It was an awesome year, awesome foundation and very, very challenging. Physically, I went back and started running long distance because that’s what we kind of did at the discipleship programs just as a part of physical fitness as a whole program. I started running five to eight miles again. I dropped weight to 175 or 180, which is 20 under what I am now. It’s not too big of a deal, but I still had to come back then start training again back in early 2010. I was setting my hopes back to see if I could get back into college. I was off the radar, off everyone’s radar, and I had to re-prove myself in a way just to get back on the radar and prove that I am healthy past injury. Sometimes literally people will blow out their elbow so badly in the javelin that they don’t come back. It was definitely trust, and I had given up javelin, such that I didn’t know if I was going to go back to it.


That was what brought me to Azusa, [it] was the one connection that really got me here. I had never seen campus; I had never seen anything down here so that was a huge trust thing. Up while I was there I was looking at schools, and I was talking to coach Kevin Reid on the phone. He was saying that he wanted me, but being that this is a private school and I only had $17,000 accounted for and I needed $17,000 more, I had no idea how I was going to get that. I felt like God was saying go through the door, and as I looked at it, it was a locked door. I felt like he was saying ‘go and pursue it,’ and then everything — all the paper work, all the financial aid — the door was opened up.


I came down 10 days before school started, and I was going to come here never seeing Azusa Pacific before. That was clearly a wild journey from rural, backwoods Washington. I should have told everybody that I was a freshman, but I had some credits from high school. Anyways that’s another story about getting acquainted here with the academic setting. That was definitely a trust of saying leave, leave what you know and come to a whole new place.


What was winning the NAIA national championship last year like?


Last year I was literally taped up every meet except for the first and the last. I consider it an injury year, and I always have hopes to go 230-240 feet range. I threw not anywhere near my best, but I still won the national championship. So that was exciting, but knowing my personal best, I want more and I’m hungry for more. That’s how I view it; it’s great and it was a blast, but I know career-wise, there’s still more to come.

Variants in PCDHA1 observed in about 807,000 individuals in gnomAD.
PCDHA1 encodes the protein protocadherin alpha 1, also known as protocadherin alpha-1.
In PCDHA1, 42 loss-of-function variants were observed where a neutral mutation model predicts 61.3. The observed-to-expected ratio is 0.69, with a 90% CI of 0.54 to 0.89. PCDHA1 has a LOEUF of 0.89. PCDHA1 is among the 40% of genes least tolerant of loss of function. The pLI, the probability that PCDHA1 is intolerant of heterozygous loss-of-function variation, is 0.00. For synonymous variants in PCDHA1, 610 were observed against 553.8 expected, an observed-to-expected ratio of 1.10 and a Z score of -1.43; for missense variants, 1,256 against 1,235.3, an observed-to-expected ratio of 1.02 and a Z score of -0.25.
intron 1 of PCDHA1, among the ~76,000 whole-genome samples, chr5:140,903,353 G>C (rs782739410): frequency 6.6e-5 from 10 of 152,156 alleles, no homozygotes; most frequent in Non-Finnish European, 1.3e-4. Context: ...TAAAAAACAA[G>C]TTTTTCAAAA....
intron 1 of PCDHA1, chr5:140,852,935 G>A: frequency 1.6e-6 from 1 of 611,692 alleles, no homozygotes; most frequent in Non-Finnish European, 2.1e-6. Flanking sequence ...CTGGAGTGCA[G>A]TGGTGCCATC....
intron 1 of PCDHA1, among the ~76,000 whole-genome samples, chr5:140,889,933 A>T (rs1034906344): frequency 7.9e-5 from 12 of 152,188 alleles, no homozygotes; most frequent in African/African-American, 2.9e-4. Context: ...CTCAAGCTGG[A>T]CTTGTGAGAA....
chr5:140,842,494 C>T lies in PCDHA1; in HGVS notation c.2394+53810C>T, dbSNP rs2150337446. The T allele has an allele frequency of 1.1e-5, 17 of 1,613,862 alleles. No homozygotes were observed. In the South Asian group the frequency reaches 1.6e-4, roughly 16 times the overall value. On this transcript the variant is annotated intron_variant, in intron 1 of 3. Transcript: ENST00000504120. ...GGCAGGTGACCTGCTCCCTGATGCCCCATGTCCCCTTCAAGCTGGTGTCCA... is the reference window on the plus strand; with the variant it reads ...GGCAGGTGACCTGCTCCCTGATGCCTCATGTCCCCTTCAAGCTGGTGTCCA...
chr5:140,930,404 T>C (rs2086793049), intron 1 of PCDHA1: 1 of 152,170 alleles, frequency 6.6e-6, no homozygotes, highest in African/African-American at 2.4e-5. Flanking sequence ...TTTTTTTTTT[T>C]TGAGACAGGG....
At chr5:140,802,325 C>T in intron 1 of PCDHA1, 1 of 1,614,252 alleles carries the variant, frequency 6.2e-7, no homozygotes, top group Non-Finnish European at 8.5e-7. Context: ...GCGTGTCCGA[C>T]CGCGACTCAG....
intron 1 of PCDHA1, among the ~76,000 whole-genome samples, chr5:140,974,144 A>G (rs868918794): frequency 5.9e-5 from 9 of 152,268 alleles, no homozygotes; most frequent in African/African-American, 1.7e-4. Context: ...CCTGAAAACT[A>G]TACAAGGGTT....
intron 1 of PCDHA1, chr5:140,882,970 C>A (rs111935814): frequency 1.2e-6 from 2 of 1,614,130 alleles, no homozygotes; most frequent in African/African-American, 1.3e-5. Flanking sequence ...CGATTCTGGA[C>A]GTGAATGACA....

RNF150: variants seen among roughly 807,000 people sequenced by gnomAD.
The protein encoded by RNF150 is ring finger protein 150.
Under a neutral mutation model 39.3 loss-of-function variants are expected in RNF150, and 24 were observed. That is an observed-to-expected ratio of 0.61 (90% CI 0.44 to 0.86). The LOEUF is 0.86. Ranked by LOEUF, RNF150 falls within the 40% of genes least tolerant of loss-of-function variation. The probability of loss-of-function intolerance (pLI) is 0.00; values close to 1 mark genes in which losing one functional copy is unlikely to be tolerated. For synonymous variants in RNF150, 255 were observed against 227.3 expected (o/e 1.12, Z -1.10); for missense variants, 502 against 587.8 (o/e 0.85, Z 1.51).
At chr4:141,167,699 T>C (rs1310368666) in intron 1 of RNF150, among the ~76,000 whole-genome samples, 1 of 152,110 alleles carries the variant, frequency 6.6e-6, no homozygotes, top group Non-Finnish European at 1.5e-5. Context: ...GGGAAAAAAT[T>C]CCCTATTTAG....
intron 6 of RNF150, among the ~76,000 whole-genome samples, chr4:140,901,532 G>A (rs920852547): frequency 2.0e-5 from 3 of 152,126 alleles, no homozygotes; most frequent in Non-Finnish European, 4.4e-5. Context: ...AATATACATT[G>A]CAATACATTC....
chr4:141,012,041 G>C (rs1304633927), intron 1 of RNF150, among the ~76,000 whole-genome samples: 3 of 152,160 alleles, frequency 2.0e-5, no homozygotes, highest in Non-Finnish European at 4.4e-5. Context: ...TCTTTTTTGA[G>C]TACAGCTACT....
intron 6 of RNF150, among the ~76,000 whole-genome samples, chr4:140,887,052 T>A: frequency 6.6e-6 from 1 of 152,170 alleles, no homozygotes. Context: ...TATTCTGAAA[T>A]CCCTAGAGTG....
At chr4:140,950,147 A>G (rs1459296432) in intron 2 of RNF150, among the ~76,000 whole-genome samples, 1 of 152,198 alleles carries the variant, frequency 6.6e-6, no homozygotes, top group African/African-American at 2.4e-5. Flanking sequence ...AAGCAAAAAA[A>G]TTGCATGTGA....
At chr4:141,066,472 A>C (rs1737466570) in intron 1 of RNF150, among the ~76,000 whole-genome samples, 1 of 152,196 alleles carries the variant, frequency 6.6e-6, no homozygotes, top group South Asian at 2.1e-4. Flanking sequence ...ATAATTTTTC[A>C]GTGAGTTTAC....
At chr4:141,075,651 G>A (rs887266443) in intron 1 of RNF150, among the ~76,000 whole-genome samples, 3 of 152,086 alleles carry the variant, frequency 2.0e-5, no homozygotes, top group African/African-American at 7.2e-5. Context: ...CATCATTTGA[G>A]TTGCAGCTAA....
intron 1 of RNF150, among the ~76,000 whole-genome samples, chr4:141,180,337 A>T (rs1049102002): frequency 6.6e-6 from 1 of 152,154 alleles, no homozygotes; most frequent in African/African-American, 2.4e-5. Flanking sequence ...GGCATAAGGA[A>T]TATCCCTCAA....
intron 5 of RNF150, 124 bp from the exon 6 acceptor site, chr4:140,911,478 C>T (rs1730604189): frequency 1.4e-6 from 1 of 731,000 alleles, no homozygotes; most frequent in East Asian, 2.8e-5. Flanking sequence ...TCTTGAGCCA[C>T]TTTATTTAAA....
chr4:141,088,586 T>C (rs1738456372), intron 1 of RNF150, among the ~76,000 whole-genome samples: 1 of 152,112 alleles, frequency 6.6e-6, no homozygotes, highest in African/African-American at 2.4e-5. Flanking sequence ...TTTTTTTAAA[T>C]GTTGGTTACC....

Do you feel prepared for NCAA Div. II competition?


I don’t know if I’m going to be able to see it. I get to see it in part this year, but since we don’t have a championship this year, I won’t see the championship side of it. Even as we’re going to the NCAA National Championship, I am going to keep my eye on what’s happening in the D-2 and how I would rank in the D-2. I want to be at least top five, maybe even top one if everything is going well, and my elbow is handling the training better this year than the last two years. Javelin is not my main focus at all; javelin is one pursuit in my life that I love. It has its pains, literally. It is a journey to go through chronic injury, and still be doing well enough that you’re top in the nation, but still have that want for more. I have great potential for javelin still.


Anything else you want to say?


My first heart is to go internationally with missions, like northern India, to unreached people groups. That’s my first goal; this is all part of the journey God has for me. It’s not necessarily linear, but it’s the journey which is usually a pretty unorthodox route that he has us take oftentimes. He’s developing my heart to learn how to serve, and I’ve been so blessed in my life that my response is ‘how could I not do this, how could I not go out and tell others how much God loves us?’